Case Report - Volume 2 - Issue 2

Inguino-Scrotal Textiloma After Surgery: About A Rare Case

P Mbem Ngos¹,*, J Mekeme¹,²; T Tchappi¹; P Tolefac¹; M Biyouma1, H Ndzie Koah¹ & T Kamto¹

1Faculty of Medicine and biomedical Sciences of the University of Yaoundé I-Cameroon.
2Service of urological surgery, Yaoundé central hospital-Cameroon.

Received Date : Feb 06, 2022
Accepted Date : Mar 08, 2022
Published Date: Mar 19, 2022
Copyright:© P Mbem Ngos 2022

*Corresponding Author : P Mbem Ngos, Faculty of Medicine and biomedical Sciences of the University of Yaoundé I-Cameroon.


Textiloma is a very rare but well-known post-operative complication and is one of the most serious medical faults. It can be a foreign body composed of compresses or surgical drapes left at the surgical site. In this work, we present the case of a 60-year-old Cameroonian man who had undergone a cure for an inguino-scrotal hernia 7 days earlier and whose exploration for the management of complications revealed a textiloma.


Gossypiboma (from the Latin Gossypium = cotton and Swahili boma = hiding place) also called Textiloma (from the Greek textile and ome = tumor) is defined as the inadvertent retention of a textile foreign body after surgery. This is probably the oldest and most obvious mistake in surgery [1]. From a pathophysiological point of view, textile fibers cause an inflammatory reaction with exudation as early as the 24th hour, followed by the formation of granulation tissue (8th day), finally, fibrosis sets in from (13th day). This evolution explains, in the absence of infection, the possibilities of encysting or even calcification with a sometimes-long tolerance. The history is therefore essential in the elaboration of the diagnosis. The clinic lacks specificity [2]. Clinical manifestations can be frustrating and imaging sometimes allows a diagnosis of certainty [3]. We report the case of an inguino-scrotal textiloma in a 60-year-old male Cameroonian who had undergone an inguino-scrotal hernia operation 7 days earlier, which was complicated by scrotal swelling, and whose surgical exploration revealed a textiloma.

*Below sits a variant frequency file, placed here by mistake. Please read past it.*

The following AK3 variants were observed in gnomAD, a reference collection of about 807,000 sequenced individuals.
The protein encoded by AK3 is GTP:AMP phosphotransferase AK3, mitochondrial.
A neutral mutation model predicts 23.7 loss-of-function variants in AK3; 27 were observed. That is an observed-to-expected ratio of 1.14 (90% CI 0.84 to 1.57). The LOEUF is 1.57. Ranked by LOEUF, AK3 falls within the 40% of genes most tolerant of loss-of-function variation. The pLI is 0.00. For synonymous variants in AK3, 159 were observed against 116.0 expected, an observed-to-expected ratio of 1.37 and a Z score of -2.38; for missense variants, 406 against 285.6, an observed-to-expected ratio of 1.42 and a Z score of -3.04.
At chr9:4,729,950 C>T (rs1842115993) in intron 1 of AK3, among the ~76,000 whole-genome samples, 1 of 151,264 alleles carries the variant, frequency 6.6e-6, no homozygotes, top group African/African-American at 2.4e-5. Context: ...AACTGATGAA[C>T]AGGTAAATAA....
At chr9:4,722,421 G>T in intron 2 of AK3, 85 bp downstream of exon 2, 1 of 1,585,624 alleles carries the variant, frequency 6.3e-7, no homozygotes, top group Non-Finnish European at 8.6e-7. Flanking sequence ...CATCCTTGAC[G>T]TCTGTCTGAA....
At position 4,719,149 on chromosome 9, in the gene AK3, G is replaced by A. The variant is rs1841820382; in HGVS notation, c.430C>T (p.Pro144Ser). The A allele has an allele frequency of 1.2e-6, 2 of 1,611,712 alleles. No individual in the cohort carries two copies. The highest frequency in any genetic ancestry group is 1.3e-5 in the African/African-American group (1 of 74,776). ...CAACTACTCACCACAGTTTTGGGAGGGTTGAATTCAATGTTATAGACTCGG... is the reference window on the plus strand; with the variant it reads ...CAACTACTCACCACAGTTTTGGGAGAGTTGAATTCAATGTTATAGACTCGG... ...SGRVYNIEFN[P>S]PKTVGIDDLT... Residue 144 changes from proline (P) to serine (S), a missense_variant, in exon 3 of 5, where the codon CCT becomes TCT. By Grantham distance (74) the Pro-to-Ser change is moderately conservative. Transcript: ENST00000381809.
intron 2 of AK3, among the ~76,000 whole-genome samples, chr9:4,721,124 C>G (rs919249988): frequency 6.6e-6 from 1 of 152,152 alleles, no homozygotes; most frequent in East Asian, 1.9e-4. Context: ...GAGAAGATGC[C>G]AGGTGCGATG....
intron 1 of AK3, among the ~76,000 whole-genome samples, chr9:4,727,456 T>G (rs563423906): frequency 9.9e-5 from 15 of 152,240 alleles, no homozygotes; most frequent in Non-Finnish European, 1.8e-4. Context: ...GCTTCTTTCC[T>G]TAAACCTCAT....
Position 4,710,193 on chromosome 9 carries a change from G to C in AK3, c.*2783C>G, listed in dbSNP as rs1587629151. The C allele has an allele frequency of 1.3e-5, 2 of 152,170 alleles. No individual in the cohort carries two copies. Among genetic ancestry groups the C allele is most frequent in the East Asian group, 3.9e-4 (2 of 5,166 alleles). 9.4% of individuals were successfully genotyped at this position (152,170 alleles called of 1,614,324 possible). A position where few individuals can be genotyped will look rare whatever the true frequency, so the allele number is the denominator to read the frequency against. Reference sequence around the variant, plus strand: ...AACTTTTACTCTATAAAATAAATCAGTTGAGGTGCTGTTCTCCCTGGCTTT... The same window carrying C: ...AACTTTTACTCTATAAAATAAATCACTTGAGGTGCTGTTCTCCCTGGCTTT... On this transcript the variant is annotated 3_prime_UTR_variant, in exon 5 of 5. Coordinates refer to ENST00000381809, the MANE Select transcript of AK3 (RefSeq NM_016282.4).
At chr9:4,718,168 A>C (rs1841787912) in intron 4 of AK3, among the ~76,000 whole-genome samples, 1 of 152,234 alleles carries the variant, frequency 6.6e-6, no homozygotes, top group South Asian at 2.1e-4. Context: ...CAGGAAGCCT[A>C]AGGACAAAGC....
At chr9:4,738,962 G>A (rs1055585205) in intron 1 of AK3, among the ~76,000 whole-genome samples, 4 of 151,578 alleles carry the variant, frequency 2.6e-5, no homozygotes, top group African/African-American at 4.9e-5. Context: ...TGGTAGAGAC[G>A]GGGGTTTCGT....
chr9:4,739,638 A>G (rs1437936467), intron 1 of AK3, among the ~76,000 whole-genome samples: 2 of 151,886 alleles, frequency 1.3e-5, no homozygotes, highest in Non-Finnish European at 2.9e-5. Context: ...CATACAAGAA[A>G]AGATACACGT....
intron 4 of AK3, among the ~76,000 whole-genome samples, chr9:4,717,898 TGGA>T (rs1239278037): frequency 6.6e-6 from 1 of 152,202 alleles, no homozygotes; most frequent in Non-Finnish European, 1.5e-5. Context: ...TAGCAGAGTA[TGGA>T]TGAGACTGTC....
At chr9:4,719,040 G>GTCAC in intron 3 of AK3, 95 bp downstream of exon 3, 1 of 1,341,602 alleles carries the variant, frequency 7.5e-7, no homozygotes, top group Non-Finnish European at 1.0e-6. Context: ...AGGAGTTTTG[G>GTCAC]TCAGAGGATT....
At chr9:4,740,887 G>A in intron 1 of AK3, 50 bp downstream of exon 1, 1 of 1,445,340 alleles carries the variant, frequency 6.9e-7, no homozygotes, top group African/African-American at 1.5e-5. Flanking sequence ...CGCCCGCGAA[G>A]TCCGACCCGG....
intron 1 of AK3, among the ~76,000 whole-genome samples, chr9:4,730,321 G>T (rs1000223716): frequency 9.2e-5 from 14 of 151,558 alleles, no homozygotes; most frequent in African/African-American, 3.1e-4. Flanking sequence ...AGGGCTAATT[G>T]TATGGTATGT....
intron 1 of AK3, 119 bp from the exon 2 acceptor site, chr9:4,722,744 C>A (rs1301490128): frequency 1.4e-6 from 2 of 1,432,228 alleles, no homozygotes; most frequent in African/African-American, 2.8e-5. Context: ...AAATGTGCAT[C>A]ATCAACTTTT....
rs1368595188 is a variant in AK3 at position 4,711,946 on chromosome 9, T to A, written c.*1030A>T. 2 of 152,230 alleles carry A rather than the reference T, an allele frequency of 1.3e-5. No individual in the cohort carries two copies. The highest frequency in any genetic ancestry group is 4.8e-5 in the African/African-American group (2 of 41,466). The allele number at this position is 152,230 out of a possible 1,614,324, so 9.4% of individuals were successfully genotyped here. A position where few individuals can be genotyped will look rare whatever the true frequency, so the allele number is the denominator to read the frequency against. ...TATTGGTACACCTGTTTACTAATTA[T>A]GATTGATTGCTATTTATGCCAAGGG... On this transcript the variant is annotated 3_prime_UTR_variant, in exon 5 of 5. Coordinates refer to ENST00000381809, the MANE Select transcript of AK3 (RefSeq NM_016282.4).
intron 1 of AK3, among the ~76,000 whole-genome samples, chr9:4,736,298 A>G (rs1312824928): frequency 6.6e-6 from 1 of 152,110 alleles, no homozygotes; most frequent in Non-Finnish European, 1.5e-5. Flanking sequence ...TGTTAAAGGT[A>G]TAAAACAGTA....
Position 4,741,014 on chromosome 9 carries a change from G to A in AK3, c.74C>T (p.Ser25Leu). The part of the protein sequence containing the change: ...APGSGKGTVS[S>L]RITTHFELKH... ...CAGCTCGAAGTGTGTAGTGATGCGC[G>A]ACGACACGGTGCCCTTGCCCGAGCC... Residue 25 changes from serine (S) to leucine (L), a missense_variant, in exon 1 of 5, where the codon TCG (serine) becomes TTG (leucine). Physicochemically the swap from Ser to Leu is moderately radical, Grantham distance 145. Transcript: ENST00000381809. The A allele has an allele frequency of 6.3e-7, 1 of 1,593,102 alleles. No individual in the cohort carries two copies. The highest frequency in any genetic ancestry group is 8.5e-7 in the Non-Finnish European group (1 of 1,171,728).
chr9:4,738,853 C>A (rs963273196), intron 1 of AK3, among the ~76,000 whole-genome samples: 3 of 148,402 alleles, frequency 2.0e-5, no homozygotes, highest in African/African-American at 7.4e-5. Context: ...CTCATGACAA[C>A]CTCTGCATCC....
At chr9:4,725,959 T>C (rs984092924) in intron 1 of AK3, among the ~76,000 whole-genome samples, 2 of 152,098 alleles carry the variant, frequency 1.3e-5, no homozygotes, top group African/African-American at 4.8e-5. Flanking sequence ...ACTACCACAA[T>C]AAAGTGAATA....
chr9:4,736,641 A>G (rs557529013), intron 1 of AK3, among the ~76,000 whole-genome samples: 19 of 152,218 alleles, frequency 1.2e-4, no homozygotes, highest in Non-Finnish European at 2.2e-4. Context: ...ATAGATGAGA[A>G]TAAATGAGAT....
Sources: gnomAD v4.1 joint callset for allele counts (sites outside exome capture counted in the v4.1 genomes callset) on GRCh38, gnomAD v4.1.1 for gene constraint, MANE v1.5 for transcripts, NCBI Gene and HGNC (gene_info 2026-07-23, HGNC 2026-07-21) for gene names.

Patient and observation

Mr. X 69 years old, married, retired teacher with past history of herniorraphy for a left inguinal hernia since 20 years ago and a cure for an inguino-scrotal hernia 07 days earlier by a general practitioner during a health campaign in a district hospital in Cameroon. He consulted 7 days after surgery for an inguino-scrotal swelling that had been evolving for 06 days, progressively increasing, not painful, asymmetrical, more marked on the right, completely drowning the penis, without any micturition or digestive problems. The clinical examination at the entrance found a patient with a preserved general state, apyretic, with blood pressure of 116/68 mmHg and a Pulse at 92 beats/min. He presents a significant inguino-scrotal swelling, predominant on the right, with the skin facing the trophic disorders; notably indurated on palpation, cold and not painful; the testicle is palpable on the left and not palpable on the right (Figure 1); the trans illumination test is not contributory; the rectal examination reveals a slightly enlarged prostate. The rest of the physical examination is unremarkable. The results of the biological explorations reveal a slight anemia at 10.5 g/dl, normocytic and normochromic; the platelets are normal as well as the rest of the coagulability test. Moreover, the rest of the biological examination is without particularity.